It’s an interesting question as to why so many fail to prepare for emergencies. Many prepare for their financial future through insurance policies, 401k’s, and retirement plans, but dismiss without much thought the real possibility a natural or manmade disaster can strike at any time disrupting their lives and putting their families at risk.
We’ve all seen and heard about it; stores emptied at the approach of a storm; whole neighborhoods evacuated fleeing a wild fire; supply chains stopped from an earthquake or other natural occurrence; a terrorist attack locking down an entire city as happened in Boston after the Boston Marathon attack, and these are just a few examples. The truth is the systems that supply our local grocery stores, bring fuel to gas stations, and keep our daily lives happily humming along are fragile as is the general daily calm we all have come to expect from our society. Government, which includes police and fire services, is often overwhelmed in a crisis as it is reactionary by nature leaving you as your own first responder and leaving you and your family on your own in the early stages of an emergency.
Today, we are having a snow event that sent people rushing to grocery stores the day before the storm moved in emptying those shelves over the possibility of being snow bound for just a few days. Many of these same people wouldn’t dare leave their family without life insurance, but put their families comfort and possible safety at risk by not preparing for the possibility of not being able to get to the grocery store. Our area was devastated by wild fires a few years ago destroying over 900 homes and forcing 1000s to evacuate their neighborhoods with little more than what they had in their hands. Yet, those lessons learned on the need to prepare ahead of time are soon forgotten as the events end and we slide back into our daily routines.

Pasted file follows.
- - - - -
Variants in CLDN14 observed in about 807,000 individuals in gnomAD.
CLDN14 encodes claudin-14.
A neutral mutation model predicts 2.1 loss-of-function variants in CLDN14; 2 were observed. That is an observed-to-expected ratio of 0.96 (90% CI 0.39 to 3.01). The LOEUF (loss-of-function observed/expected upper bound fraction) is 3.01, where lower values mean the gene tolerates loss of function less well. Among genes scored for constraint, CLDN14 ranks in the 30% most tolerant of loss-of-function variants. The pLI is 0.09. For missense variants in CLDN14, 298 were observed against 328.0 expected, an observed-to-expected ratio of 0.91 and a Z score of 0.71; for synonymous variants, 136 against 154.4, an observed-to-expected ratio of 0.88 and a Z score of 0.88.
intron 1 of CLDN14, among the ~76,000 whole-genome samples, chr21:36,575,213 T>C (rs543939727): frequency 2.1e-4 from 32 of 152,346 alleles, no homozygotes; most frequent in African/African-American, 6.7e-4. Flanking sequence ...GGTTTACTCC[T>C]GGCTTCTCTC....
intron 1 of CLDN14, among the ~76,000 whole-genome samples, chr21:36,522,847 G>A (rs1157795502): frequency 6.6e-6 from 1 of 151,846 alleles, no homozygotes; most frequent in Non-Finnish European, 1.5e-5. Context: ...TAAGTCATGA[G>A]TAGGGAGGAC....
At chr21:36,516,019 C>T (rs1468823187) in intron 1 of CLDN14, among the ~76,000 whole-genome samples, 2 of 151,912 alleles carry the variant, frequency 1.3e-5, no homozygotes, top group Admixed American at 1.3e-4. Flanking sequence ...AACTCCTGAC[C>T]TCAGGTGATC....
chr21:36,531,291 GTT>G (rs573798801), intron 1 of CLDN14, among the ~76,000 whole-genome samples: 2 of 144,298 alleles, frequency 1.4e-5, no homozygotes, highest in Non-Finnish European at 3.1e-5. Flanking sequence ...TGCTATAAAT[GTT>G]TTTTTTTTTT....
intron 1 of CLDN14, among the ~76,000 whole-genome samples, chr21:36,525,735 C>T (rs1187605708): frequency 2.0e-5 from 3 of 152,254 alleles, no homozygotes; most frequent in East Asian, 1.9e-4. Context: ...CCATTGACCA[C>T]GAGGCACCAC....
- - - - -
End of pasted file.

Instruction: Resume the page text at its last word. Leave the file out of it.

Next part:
We, as many we know, are preparing for emergencies because we have not forgotten the many lessons of previous events knowing they will happen and may well sweep up our families and those we care about. We know those who fail to prepare will not only put themselves and their families at risk, but may well be putting themselves into situations where they become desperate. We prepare to not only give our families the peace of mind they will not be without the insurance of supplies, training, and equipment needed to get through an emergency, but to assist those we care about and our neighborhoods during the emergency and into recovery.
Food, water, shelter, and security seem like obvious things to ensure we can provide our families, but far too many around us are relying on our fragile systems and government agencies to provide it for them and we know from experience those systems and agencies will fail. Why do so many fail to prepare? They have any number of excuses not to, but the normalcy bias plays heavily into not preparing and that adds great pressure on emergency services and recovery operations as people become desperate and panic.
We prepare because we understand it is our responsibility, not our government’s or anyone else’s, to provide food, water, shelter, and security to our families and those we care about.